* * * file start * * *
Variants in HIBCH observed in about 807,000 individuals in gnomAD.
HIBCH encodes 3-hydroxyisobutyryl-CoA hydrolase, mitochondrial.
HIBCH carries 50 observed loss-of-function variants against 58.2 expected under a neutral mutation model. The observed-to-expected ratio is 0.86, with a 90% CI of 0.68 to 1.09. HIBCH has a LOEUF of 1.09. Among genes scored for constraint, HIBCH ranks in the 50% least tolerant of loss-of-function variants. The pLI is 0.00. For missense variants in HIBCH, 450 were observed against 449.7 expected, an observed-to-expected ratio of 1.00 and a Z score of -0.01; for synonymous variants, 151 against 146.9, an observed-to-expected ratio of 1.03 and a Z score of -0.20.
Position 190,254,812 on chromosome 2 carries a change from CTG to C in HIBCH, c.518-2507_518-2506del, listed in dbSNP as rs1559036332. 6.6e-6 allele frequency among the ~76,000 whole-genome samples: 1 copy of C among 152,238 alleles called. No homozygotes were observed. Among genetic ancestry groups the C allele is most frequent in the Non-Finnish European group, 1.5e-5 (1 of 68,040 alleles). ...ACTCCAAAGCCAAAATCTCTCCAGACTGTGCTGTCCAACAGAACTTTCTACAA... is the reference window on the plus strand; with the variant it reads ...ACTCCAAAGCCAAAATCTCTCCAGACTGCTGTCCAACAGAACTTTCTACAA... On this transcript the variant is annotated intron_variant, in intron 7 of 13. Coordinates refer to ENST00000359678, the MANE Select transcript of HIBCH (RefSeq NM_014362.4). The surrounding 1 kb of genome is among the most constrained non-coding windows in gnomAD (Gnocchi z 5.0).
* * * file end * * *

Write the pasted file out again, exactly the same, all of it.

Variants in HIBCH observed in about 807,000 individuals in gnomAD.
HIBCH encodes 3-hydroxyisobutyryl-CoA hydrolase, mitochondrial.
HIBCH carries 50 observed loss-of-function variants against 58.2 expected under a neutral mutation model. The observed-to-expected ratio is 0.86, with a 90% CI of 0.68 to 1.09. HIBCH has a LOEUF of 1.09. Among genes scored for constraint, HIBCH ranks in the 50% least tolerant of loss-of-function variants. The pLI is 0.00. For missense variants in HIBCH, 450 were observed against 449.7 expected, an observed-to-expected ratio of 1.00 and a Z score of -0.01; for synonymous variants, 151 against 146.9, an observed-to-expected ratio of 1.03 and a Z score of -0.20.
Position 190,254,812 on chromosome 2 carries a change from CTG to C in HIBCH, c.518-2507_518-2506del, listed in dbSNP as rs1559036332. 6.6e-6 allele frequency among the ~76,000 whole-genome samples: 1 copy of C among 152,238 alleles called. No homozygotes were observed. Among genetic ancestry groups the C allele is most frequent in the Non-Finnish European group, 1.5e-5 (1 of 68,040 alleles). ...ACTCCAAAGCCAAAATCTCTCCAGACTGTGCTGTCCAACAGAACTTTCTACAA... is the reference window on the plus strand; with the variant it reads ...ACTCCAAAGCCAAAATCTCTCCAGACTGCTGTCCAACAGAACTTTCTACAA... On this transcript the variant is annotated intron_variant, in intron 7 of 13. Coordinates refer to ENST00000359678, the MANE Select transcript of HIBCH (RefSeq NM_014362.4). The surrounding 1 kb of genome is among the most constrained non-coding windows in gnomAD (Gnocchi z 5.0).